16 April 2014 Improved iterative algorithm for the three-flat test
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An iterative algorithm has been successfully used to process data from the three-flat test. On the basis of the iterative algorithm proposed by Vannoni, which is much faster and more effective than the Zernike polynomial fitting method, an improved algorithm is presented. By optimizing the iterative steps and removing the scaling factors, the surface shape can be easily computed in a few iterations. The validity of the method is proved by computer simulation, and the interpolation error and principle error are analyzed.



The three-flat test method is generally adopted to measure absolute flatness. Schulz and Schwider proposed and developed the earliest three-flat test method, which required three flats to be compared in pairs.1,2 Three measurements could determine only the profile of one diameter. To reconstruct the three-dimensional surface data, many methods have been introduced in which additional measurements are added, e.g., one of the three plates is rotated at least once. Among these methods, the Zernike polynomial fitting method proposed by Fritz is one of the most remarkable. To cover more frequencies of the reconstructed surface, more polynomials must be fitted, so the computation is much more intensive. To solve this problem, in recent years Vannoni and Molesini proposed an iterative algorithm910. to reconstruct the surface shape numerically. The principle of this method is to reconstruct three virtual flats by comparing combinations of their real measurements. Fitting is replaced by rotation or flipping operations, which can be easily and quickly performed.

Vannoni’s paper proved the validity of the iterative algorithm. To achieve convergence toward the minimum, thousands of iterations are required. By optimizing the iterative steps and removing scaling factors, the iterative approach we present requires fewer iterations and is less time consuming than Vannoni’s method. In this paper, the principle of the new iterative algorithm is introduced, and the validity and advantages of the method are demonstrated by computer simulation. Finally, the interpolation error and principle error are analyzed.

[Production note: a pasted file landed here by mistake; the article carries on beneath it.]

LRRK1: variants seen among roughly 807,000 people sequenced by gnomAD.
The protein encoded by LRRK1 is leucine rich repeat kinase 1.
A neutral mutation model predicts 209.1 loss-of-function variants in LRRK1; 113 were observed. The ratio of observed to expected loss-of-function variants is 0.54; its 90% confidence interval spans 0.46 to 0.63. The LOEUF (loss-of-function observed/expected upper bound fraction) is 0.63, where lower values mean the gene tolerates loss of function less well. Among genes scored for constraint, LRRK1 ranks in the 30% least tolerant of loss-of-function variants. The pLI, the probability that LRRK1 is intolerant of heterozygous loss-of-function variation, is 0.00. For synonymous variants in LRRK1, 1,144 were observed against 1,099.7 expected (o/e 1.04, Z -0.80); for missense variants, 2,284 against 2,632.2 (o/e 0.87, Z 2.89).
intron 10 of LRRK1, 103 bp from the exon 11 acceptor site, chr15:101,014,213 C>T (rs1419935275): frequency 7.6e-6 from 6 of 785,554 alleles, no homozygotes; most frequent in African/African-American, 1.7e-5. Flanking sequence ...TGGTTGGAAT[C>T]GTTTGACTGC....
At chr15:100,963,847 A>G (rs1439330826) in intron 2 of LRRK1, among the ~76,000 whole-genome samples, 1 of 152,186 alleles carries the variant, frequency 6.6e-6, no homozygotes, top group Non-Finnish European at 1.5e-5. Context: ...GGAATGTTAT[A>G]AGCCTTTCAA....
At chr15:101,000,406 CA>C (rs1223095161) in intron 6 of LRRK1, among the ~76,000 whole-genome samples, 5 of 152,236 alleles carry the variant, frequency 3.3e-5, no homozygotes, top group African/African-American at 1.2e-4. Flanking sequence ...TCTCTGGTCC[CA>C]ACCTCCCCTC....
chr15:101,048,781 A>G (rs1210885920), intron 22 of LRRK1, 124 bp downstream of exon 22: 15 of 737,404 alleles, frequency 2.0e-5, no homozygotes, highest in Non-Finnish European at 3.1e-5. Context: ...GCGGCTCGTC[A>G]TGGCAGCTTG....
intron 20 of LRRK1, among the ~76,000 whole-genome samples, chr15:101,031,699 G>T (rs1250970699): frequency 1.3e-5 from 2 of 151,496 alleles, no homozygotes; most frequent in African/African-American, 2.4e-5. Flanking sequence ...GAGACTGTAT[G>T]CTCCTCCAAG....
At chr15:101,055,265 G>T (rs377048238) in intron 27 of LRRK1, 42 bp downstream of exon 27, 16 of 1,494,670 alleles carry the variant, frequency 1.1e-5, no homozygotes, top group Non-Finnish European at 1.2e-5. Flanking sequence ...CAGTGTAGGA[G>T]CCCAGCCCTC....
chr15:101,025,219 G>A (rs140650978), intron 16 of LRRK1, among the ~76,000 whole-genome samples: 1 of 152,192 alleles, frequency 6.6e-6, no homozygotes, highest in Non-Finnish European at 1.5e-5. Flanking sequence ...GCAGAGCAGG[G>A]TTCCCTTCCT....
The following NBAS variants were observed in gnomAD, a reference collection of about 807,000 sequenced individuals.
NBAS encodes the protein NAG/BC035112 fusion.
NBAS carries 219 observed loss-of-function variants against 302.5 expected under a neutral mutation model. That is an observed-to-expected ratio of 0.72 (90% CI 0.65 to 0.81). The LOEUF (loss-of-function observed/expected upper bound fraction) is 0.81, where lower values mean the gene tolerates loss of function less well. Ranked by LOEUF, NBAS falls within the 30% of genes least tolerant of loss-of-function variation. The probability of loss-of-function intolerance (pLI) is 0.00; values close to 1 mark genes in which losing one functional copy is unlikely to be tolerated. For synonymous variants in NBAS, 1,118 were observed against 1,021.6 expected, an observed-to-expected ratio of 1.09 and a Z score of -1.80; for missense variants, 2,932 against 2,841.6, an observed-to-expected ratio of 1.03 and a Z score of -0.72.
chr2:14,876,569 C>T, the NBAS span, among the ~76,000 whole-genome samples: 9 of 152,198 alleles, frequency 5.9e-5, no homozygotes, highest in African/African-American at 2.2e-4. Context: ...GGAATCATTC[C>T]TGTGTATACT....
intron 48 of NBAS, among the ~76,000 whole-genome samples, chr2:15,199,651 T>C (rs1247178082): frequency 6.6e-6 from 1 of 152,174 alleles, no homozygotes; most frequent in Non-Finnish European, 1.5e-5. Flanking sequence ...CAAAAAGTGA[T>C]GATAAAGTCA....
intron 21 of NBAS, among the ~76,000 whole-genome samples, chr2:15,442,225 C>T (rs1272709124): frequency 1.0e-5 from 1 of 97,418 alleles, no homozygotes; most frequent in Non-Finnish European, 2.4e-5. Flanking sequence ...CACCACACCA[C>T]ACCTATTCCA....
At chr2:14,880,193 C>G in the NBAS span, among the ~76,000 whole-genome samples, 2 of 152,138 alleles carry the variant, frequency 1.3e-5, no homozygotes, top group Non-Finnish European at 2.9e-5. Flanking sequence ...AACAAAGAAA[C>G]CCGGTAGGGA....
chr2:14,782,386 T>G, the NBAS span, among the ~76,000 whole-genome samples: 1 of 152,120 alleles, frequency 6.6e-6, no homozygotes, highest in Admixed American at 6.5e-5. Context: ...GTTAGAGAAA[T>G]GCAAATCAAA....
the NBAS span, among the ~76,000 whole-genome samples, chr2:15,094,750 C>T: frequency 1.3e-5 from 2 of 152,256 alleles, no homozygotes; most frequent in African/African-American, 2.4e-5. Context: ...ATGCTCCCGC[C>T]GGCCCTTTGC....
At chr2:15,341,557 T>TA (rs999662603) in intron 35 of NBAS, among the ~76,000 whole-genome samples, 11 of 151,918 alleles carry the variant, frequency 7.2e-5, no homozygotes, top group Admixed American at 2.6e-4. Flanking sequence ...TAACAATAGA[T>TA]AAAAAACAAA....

First, an additional rotational measurement is introduced in addition to the traditional three measurements. The Cartesian coordinates and test sequence of the four measurements are shown in Fig. 1.

Fig. 1

Four configurations and corresponding measurements.


The four measurements can be expressed as


In Eq. (1), K, L, and M denote the surfaces of the three flats to be measured. LR denotes the surface data of L after rotation by an angle about the optical axis and LF represents the flipped data of L about the y-axis. Naturally, the flat after two flips is equal to the unflipped pattern. Further, the flat after rotation back by the same angle is equal to the unrotated pattern.

We denote rotating back by the subscript “R.” Therefore, if W2 is rotated back and W3 is flipped about the y-axis, we can express them as



Thus, according to Eqs. (1) and (2), K, L, and M can be expressed as


Then, the iterative algorithm is as follows:

  • 1. Initialize the surface data for the three flats (K, L, and M) at zero, which corresponds to starting with the absolute plane.

  • 2. Correct the surface data. The new surface data, Knew, Lnew, and Mnew, can be calculated as


    Equation (4) can be written as


    where X, Y, and Z are defined as


    respectively. Because W1, W2, W3, and W4 do not vary, Eq. (6) can be calculated before the iterative process.

  • 3. Establish the iterative estimation rule. The difference between the reconstructed data and the real measurement data is calculated as follows:


    From Eq. (7), we can obtain


    where EF denotes the reconstruction error. The root-mean-square (rms) value of the EF is calculated and compared with a prespecified threshold. The algorithm should return to step 2 if the threshold is exceeded, and finish otherwise. Figure 2 shows a flow chart of the algorithm.

Fig. 2

Schematic flow chart of the iterative algorithm.




To verify the accuracy of the method and compare it with Vannoni’s method, three flats were measured, and the data were processed using the proposed iterative algorithm. In Fig. 3, K, L, and M are the three measured surfaces, which are all circular pupils 920 pixels in diameter.

Fig. 3

Surface maps of (a) K, (b) L, and (c) M.


W1, W2, W3, and W4 are the four wavefronts processed according to Eq. (1), as shown in Fig. 4. In our case, L is rotated by 54 deg, and L is flipped about the y-axis.

Fig. 4

Wavefronts of (a) W1, (b) W2, (c) W3, and (d) W4.